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The BBC's Peter Morgan reports
"Today's rise in interest rates will not be the last"
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David Anderson, Yorkshire Building Society
"Most mortgage borrowers are unlikely to be effected immediately"
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David Hillier, Chief UK Economist Barclays Capital
Listen to reaction
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Thursday, 13 January, 2000, 13:01 GMT
Interest rates up 0.25%

Interest rate movements in the UK

The Bank of England has decided to raise interest rates by a quarter point to 5.75%.

The Property Maze
The decision to increase the cost of borrowing had been widely expected, given the current strong growth of the UK economy.

This is a disappointing blow for British business.
Dr Ian Peters, BCC

Although the rise was met with disapproval by many businesses and union leaders, there was some relief that it had not been larger.

The decision means higher borrowing costs for homebuyers and businesses, but also higher income for savers.

Although the UK economy is relatively free from inflation at the moment, members of the Bank of England's Monetary Policy Committee (MPC) have been concerned about rising housing prices, consumer spending and wages.

It fears that if the economy is left to grow unchecked, higher inflation will follow.

Stronger pound

The MPC said it had raised rates for the third time in five months because the outlook for growth in the UK and the world economy had strengthened.

"Prospective growth in domestic demand remains strong - increases in wealth, labour income and household borrowing all suggest that consumer spending will continue to grow robustly," it said.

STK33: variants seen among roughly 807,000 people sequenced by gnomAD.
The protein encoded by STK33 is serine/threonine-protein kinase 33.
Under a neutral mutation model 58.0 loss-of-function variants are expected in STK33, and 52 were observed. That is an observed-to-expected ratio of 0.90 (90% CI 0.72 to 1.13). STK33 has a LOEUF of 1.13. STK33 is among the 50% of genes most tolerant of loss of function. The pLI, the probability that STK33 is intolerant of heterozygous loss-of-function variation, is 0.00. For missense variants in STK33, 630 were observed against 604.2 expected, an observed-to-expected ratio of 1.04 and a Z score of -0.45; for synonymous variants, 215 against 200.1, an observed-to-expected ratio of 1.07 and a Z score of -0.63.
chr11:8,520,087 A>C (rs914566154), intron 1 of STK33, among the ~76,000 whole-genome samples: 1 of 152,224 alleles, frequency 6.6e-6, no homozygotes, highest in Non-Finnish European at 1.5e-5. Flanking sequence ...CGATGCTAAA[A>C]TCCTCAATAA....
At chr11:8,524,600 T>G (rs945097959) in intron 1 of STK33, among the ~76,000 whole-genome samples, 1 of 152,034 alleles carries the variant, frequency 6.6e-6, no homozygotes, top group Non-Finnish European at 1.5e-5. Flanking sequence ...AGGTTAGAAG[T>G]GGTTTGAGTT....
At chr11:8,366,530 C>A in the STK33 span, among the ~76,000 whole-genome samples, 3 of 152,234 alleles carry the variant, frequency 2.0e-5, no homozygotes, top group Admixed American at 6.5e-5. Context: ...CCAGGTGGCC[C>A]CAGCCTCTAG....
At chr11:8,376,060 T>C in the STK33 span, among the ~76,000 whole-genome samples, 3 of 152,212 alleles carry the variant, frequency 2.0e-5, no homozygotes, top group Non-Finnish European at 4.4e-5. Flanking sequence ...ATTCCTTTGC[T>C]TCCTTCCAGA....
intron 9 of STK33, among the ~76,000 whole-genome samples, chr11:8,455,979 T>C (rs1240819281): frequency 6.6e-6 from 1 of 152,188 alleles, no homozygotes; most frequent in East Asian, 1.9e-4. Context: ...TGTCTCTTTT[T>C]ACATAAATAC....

The MPC's role is to set interest rates at a level which keeps inflation as close as possible to 2.5%.

Industry and home owners are paying the price for a South East property boom fuelled by excessive city bonuses.
John Monks, TUC

Inflation currently stands at 2.2% but the process is complicated by the assumption that interest rates take about two years to have an effect.

In simple terms, the committee raises interest rates if it believes it needs to reduce inflation.

Reacting to the decision, Dr Ian Peters, deputy director general of the British Chambers of Commerce (BCC) said: ''This is a disappointing blow for British business.

"With the strong pound and fierce competition keeping prices firmly in check, the Monetary Policy Committee could well afford to have left rates on hold.

"Our main concern is the impact that this rise will have on exporters struggling with an already over-valued pound."

Wages pressures

The Bank of England raised rates twice towards the end of 1999 by a quarter of a point in what it described as pre-emptive steps to cool the economy.

But the latest figures have shown that consumer spending raced ahead in December and that the housing market picked up speed after the two rises.

Unemployment is also at its lowest level for nearly two decades, which is seen as leading to increased wages as employers aim to recruit and retain workers.

Union leaders attacked the interest rate rise, warning that firms will find it more difficult to expand and export.

Roger Lyons, general secretary of the Manufacturing Science and Finance union, said: "This is a disaster for manufacturing, particularly for jobs in the North."

Engineering Employers' Federation director-general Martin Temple said: "Whilst we support the MPC's aim of managing the economy in the longer term, it is too quick to react to short term data, inducing industry to manage in the short term."

TUC general secretary John Monks said the Bank had reacted too soon. "The inflation target is not under threat but manufacturing jobs are. Industry and home owners are paying the price for a South East property boom fuelled by excessive city bonuses."

But Ruth Lea, head of policy at the Institute of Directors, agreed with the decision: "We accept that such a move was probably necessary to curb any inflationary pressures building up in the economy."

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See also:
11 Jan 00 |  Business
UK interest rate guessing game
13 Jan 00 |  Business
House price rises spreading
06 Jan 00 |  Business
Strong retail sales in December
22 Dec 99 |  Business
Bank split over rate decision
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